Al-Hallaq stressed the necessity of focusing further on the totality of election mechanisms, and on an election law to which a chapter is allocated within the new constitution, so that the 2021 elections will be free and fair, and that any Syrian citizen can exercise his/her right with full conviction and transparency and take the decision he/she desires, for the first time in 50 years.
She indicated that work is also being done on “gendering the elections” and emphasizing women’s participation, and that a clear and explicit text should be devoted in the constitution, stipulating that “every Syrian citizen has the right to run for election”, and that “all programs and lists related to elections should be perceived from a gender perspective, i.e. taking into account the differences between women and men, gender gaps, and the participation of women in the sustainable development process as well as emphasizing the transitional justice track.
The members of the Constitutional Committee will have to do more if the committee completes its course, and civil society must insist on observing the elections and prepare for it, in addition to ensuring that the elections are held under the supervision of the United Nations.
Stop killing first
Despite the sense of optimism expressed by members of the Constitutional Committee regarding the upcoming presidential elections in Syria, this optimistic view does not seem to be a general one, as the Syrian journalist Mohammed al-Owaid, who is familiar with the work of the Constitutional Committee, believed that the Constitutional Committee’s survival depends on the success of the two main international parties, US and Russia, to stop the killing of Syrians.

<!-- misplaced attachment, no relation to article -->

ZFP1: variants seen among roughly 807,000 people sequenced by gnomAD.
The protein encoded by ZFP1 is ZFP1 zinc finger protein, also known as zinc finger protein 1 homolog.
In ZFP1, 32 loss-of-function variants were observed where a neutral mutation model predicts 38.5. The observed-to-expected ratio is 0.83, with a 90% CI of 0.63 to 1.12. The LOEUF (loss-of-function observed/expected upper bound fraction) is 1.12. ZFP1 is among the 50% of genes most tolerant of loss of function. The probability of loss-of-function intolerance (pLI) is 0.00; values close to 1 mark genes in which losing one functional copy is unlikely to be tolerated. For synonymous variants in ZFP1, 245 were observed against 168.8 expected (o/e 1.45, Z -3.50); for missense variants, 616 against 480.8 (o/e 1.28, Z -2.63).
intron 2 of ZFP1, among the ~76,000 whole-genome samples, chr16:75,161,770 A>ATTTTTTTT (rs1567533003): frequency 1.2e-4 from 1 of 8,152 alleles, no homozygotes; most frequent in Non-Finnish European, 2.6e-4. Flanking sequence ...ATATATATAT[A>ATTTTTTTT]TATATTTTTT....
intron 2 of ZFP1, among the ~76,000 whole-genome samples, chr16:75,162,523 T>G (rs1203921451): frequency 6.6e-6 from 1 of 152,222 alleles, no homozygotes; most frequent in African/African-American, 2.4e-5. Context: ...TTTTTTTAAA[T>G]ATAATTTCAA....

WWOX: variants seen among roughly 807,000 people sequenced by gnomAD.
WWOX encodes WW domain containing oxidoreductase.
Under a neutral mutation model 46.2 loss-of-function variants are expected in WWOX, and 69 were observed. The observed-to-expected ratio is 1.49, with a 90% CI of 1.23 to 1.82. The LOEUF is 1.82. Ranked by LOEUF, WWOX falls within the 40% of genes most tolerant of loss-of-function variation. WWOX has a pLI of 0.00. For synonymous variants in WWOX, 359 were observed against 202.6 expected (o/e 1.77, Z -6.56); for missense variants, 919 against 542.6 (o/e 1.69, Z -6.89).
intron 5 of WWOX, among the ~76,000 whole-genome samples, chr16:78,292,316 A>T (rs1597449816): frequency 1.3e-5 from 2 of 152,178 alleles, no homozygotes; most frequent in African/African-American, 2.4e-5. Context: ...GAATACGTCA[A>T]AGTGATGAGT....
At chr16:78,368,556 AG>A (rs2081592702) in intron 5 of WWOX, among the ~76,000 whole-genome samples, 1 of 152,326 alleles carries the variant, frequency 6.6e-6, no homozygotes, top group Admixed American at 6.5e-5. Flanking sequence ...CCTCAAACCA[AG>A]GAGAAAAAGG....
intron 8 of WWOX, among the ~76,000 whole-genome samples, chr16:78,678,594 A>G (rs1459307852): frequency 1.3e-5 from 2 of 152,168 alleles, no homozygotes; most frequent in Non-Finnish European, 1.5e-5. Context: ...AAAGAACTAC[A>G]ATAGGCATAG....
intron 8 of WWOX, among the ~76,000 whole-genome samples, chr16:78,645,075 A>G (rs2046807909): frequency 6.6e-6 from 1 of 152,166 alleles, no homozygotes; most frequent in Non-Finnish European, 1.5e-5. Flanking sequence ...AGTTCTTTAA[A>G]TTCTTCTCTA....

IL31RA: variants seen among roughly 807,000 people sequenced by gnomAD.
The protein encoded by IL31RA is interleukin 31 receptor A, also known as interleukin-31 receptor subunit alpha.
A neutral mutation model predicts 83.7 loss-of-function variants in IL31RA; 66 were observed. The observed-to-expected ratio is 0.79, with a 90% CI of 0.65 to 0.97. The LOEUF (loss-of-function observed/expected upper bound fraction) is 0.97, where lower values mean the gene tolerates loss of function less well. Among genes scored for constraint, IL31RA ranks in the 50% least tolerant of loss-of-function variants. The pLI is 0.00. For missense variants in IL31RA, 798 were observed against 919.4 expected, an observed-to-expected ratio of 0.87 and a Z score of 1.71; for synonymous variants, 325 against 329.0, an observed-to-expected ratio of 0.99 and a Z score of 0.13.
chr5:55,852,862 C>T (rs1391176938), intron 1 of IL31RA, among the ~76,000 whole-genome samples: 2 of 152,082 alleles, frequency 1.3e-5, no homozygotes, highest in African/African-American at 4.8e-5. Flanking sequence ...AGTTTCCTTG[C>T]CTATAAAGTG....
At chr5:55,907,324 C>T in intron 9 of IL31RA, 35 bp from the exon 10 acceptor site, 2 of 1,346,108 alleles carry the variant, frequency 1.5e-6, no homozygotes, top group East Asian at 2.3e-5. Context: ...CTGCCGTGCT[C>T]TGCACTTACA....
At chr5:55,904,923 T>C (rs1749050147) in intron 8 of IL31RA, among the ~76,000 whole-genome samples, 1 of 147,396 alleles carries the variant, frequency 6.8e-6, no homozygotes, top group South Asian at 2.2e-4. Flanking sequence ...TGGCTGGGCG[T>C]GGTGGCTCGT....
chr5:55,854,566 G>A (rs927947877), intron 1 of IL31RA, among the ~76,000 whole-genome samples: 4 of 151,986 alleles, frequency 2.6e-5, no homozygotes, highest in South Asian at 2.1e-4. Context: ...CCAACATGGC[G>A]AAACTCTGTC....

Then, the Committee could succeed in drafting a constitution under the auspices of the United Nations, on the condition of forming a “non-sectarian national unity government, release of detainees, and passing the new constitution.” Only then, Syrians can talk about serious, significant and pivotal elections.”
Al-Owaid added in an interview with Enab Baladi that the problem lies in the steps taken by the Syrian regime and its supporters, and the absence of the role of the international community, which leads us to forcibly suspect that the next events will not be in harmony with the Geneva resolutions.
According to al-Owaid, the aforementioned deductions will be evidenced through the primary local elections, which the regime will hold soon in Syria, such as the administrative units’ elections and the People’s Assembly elections, and then the presidential elections, as the Syrian authorities are proceeding with all of this without any consideration for the next stage.